The Roman Students; Or, On The Wings Of The Morning by Deborah AlcockThe Roman Students; Or, On The Wings Of The Morning by Deborah Alcock

The Roman Students; Or, On The Wings Of The Morning

byDeborah Alcock

Paperback | January 8, 2012

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This historic book may have numerous typos, missing text, images, or index. Purchasers can download a free scanned copy of the original book (without typos) from the publisher. 1883. Not illustrated. Excerpt: ... "Together we have said one prayer, And sung one vesper strain; My soul is dim with clouds of care, Tell me those words again." EW things could be more enjoyable than a journey through the plains of beautiful Italia, when the summer heats were over, and the vineyards were laden with their rich clusters of purple and amber, or yielding up their treasures to laughing youths and maidens, whose pleasant labour was almost a holiday. Such a journey was that of Theodore and Giulio, and they made it with every advantage that money could procure. They slept at the best inns, where, in those days of intellectual activity, the most distinguished literary society was often to be met; and they could command the services of an adequate guard, whenever they had to pass through a district infested with banditti, although, being both of them active and courageous men, they usually preferred relying upon their own resources. They spent one night at the ancestral home of Campano, and Giulio gave the sorrowing parents a letter with which Eaymond had furnished him, containing their son's last message, and other details of mournful interest. These brought comfort; and warm was the gratitude evinced towards the Jewish physician whose kindness had softened the lot of all the captives in the Castle of St. Angelo, though it had been principally intended for Eaymond. The journey ought to have been a holiday pastime, but to one of the two it was a long agony. Theodore ever afterwards remembered those smiling fields and vineyards as a man might remember the walls of a torture chamber. For his whole life, inward and outward, was being torn up by the roots --roots which were strong and vigorous, which had struck deep and stretched far and wide. The wrench was terrible. The only woman ...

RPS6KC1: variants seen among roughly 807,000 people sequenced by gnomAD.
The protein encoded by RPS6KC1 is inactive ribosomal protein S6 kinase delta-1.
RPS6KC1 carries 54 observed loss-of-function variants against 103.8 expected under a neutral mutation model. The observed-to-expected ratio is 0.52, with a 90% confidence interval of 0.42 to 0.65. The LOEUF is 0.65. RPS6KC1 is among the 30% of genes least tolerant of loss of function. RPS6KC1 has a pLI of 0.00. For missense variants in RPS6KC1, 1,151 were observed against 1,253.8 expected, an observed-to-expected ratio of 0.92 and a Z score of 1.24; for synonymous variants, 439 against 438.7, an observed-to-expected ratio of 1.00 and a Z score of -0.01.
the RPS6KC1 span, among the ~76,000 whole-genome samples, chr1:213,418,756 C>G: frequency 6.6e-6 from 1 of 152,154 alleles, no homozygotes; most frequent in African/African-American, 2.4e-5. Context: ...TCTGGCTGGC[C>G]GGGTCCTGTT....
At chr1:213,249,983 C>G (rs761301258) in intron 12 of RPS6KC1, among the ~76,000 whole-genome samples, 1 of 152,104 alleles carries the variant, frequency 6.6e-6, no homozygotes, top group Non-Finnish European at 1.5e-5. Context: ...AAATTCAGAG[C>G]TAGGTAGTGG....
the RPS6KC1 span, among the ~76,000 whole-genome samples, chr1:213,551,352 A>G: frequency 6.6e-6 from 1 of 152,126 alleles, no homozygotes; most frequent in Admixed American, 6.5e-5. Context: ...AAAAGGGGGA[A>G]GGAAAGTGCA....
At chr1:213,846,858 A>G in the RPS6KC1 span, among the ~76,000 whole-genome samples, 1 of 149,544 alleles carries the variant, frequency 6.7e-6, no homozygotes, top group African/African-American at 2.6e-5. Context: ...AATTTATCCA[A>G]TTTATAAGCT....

Title:The Roman Students; Or, On The Wings Of The MorningFormat:PaperbackDimensions:58 pages, 9.69 × 7.44 × 0.12 inPublished:January 8, 2012Publisher:General Books LLCLanguage:English

The following ISBNs are associated with this title:

ISBN - 10:0217606563

ISBN - 13:9780217606561